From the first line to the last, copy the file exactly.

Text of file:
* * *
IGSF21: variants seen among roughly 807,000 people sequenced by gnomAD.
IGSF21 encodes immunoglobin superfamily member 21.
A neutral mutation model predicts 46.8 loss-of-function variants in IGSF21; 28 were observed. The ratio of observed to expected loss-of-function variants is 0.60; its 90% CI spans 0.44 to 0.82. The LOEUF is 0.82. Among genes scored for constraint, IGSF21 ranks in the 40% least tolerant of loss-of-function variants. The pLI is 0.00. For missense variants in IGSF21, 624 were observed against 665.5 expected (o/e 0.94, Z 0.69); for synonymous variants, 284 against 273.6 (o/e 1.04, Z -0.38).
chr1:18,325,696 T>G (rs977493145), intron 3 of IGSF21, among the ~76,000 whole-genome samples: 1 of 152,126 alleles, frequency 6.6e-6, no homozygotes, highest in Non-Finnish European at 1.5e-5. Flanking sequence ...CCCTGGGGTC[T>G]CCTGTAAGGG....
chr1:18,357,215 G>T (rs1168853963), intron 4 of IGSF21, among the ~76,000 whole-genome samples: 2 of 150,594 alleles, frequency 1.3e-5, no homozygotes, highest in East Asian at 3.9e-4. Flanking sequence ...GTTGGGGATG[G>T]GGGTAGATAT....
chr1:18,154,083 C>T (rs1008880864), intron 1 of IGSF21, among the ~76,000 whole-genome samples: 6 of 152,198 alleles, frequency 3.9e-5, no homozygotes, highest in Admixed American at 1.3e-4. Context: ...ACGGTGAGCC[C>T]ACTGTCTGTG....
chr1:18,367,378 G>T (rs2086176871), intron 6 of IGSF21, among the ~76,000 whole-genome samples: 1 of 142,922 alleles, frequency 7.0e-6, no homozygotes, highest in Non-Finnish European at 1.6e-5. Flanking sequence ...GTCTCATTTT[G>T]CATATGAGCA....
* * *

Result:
IGSF21: variants seen among roughly 807,000 people sequenced by gnomAD.
IGSF21 encodes immunoglobin superfamily member 21.
A neutral mutation model predicts 46.8 loss-of-function variants in IGSF21; 28 were observed. The ratio of observed to expected loss-of-function variants is 0.60; its 90% CI spans 0.44 to 0.82. The LOEUF is 0.82. Among genes scored for constraint, IGSF21 ranks in the 40% least tolerant of loss-of-function variants. The pLI is 0.00. For missense variants in IGSF21, 624 were observed against 665.5 expected (o/e 0.94, Z 0.69); for synonymous variants, 284 against 273.6 (o/e 1.04, Z -0.38).
chr1:18,325,696 T>G (rs977493145), intron 3 of IGSF21, among the ~76,000 whole-genome samples: 1 of 152,126 alleles, frequency 6.6e-6, no homozygotes, highest in Non-Finnish European at 1.5e-5. Flanking sequence ...CCCTGGGGTC[T>G]CCTGTAAGGG....
chr1:18,357,215 G>T (rs1168853963), intron 4 of IGSF21, among the ~76,000 whole-genome samples: 2 of 150,594 alleles, frequency 1.3e-5, no homozygotes, highest in East Asian at 3.9e-4. Flanking sequence ...GTTGGGGATG[G>T]GGGTAGATAT....
chr1:18,154,083 C>T (rs1008880864), intron 1 of IGSF21, among the ~76,000 whole-genome samples: 6 of 152,198 alleles, frequency 3.9e-5, no homozygotes, highest in Admixed American at 1.3e-4. Context: ...ACGGTGAGCC[C>T]ACTGTCTGTG....
chr1:18,367,378 G>T (rs2086176871), intron 6 of IGSF21, among the ~76,000 whole-genome samples: 1 of 142,922 alleles, frequency 7.0e-6, no homozygotes, highest in Non-Finnish European at 1.6e-5. Flanking sequence ...GTCTCATTTT[G>T]CATATGAGCA....